This was Trump’s first to Orange County since April 28, when his appearance in Costa Mesa sparked protests that turned violent and ended with 17 arrests. Some of the protesters jumped on police cars.
Anaheim police arrested one person Wednesday morning outside the venue for selling T-shirts without a license, Sgt. Daron Wyatt. That was the extent of police activity until just before 2 p.m., when some protesters hurled bottles at police while others tried to climb over a barrier, prompting officers to declare an unlawful assembly and begin attempts to disperse the crowd, Wyatt said.
Seven adults and one juvenile were arrested as police tried to break up the crowd outside the rally, Wyatt said. Law enforcement agencies from throughout Orange County sent officers to Anaheim to help control the crowd, and Wyatt said police on horseback were the most effective tool in containing the group.
Violence also broke out Tuesday night at a Trump rally in Albuquerque, New Mexico. Several Albuquerque Police Department officers were injured as a result of being hit by rocks thrown by anti-Trump protesters. Protesters also threw bottles and rocks at police horses, and at least one person was arrested, police said.
“The protesters in New Mexico were thugs who were flying the Mexican flag,” Trump tweeted this morning. “The rally inside was big and beautiful, but outside, criminals!”
In the midst of Wednesday’s campaigning, the State Department’s inspector general issued a highly critical analysis of Clinton’s email practices while she was secretary of state. He concluded that she failed to seek legal approval for her use of a private server and that department staff would not have given its blessings because of security risks.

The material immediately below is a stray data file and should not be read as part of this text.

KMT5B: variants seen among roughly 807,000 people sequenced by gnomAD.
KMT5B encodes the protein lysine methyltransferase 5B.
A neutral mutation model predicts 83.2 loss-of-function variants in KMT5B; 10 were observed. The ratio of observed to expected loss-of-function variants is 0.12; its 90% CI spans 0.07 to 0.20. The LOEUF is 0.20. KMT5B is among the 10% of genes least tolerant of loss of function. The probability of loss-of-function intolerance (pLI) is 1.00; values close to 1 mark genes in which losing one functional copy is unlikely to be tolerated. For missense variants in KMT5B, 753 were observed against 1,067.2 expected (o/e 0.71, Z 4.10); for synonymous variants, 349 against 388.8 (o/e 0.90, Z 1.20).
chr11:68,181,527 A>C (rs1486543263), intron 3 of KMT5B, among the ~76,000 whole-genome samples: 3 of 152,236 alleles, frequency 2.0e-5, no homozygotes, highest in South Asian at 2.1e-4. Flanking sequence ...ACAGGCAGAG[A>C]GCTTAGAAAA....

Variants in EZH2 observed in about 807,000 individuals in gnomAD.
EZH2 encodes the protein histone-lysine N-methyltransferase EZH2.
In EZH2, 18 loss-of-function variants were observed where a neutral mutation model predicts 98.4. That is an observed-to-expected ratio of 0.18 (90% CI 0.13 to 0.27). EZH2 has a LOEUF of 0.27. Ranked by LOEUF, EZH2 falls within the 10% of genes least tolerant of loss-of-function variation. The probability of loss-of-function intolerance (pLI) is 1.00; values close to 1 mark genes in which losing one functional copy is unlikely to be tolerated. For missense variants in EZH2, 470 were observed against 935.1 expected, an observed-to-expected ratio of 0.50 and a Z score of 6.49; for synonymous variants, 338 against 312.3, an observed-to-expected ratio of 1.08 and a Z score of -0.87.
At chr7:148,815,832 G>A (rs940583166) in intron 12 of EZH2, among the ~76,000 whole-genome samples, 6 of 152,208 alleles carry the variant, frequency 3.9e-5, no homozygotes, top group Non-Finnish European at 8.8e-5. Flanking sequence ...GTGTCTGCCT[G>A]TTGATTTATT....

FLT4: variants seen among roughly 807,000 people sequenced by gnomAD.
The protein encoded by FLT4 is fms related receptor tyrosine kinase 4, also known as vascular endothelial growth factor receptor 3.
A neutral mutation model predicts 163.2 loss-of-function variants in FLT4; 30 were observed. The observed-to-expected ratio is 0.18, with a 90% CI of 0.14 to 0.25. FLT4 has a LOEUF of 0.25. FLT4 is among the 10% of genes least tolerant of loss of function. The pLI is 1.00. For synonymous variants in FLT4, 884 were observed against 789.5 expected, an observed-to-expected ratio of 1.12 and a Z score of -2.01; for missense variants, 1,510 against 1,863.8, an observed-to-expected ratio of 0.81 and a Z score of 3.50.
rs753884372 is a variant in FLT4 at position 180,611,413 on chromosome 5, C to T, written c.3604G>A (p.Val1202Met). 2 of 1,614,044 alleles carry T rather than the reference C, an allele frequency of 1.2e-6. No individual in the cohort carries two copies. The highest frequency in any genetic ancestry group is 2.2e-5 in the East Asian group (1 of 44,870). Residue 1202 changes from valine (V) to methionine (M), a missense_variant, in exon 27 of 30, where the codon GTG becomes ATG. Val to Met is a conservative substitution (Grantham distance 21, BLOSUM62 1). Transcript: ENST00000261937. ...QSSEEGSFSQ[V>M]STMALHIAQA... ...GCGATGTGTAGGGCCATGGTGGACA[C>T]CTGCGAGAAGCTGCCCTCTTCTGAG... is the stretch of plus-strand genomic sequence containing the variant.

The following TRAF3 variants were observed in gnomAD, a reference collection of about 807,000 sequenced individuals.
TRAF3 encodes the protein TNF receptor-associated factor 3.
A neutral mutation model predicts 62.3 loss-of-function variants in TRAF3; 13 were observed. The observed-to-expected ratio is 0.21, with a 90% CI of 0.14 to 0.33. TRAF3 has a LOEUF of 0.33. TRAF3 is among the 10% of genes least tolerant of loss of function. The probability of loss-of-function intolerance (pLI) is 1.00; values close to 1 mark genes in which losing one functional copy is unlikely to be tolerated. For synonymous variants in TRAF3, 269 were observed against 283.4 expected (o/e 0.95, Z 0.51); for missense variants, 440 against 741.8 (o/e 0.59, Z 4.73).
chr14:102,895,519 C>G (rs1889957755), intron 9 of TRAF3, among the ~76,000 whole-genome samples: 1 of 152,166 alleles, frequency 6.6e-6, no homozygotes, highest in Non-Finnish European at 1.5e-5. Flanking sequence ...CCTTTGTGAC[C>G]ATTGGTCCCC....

The inspector general found that Clinton’s use of private email for business was not an appropriate method of preserving documents and that her practices failed to comply with department policies meant to ensure federal record laws are followed. The 83-page report was also critical of several of Clinton’s predecessors.
There was no immediate reaction from Clinton, but her political foes pounced on the report about the inspector general’s findings.
“The Inspector General’s findings are just the latest chapter in the long saga of Hillary Clinton’s bad judgment that broke federal rules and endangered our national security,” Republican National Committee Chairman Reince Priebus said in a statement.
Trump is scheduled to tape an appearance Wednesday afternoon on the ABC late- night talk show “Jimmy Kimmel Live” that will air tonight. The businessman is also set to attend a fundraiser tonight at the Brentwood home of real estate investor Thomas Barrack Jr.
The event will mark a shift in fundraising by Trump, who has largely funded his own campaign so far but is now partnering with the Republican National Committee so he can secure larger donations to bankroll what is expected to be a costly general election battle in November.
Clinton will also appear on a talk show Wednesday, “The Ellen DeGeneres Show,” in an interview taped Tuesday.
Sanders held a midday rally in Cathedral City in Riverside County, and returned to Los Angeles County for a late-afternoon event at the Antelope Valley Fairgrounds in Lancaster.
This was the third consecutive day Clinton has been in Los Angeles or Orange counties. She spoke at fundraisers in Holmby Hills and Hancock Park on Monday, then held events Tuesday in South Los Angeles, Commerce and Riverside.
This was the fourth consecutive day Sanders has campaigned in Los Angeles or Orange counties in advance of the June 7 California primary. Sanders will hold another rally Thursday in Pomona, then another on Friday in San Pedro.
—City News Service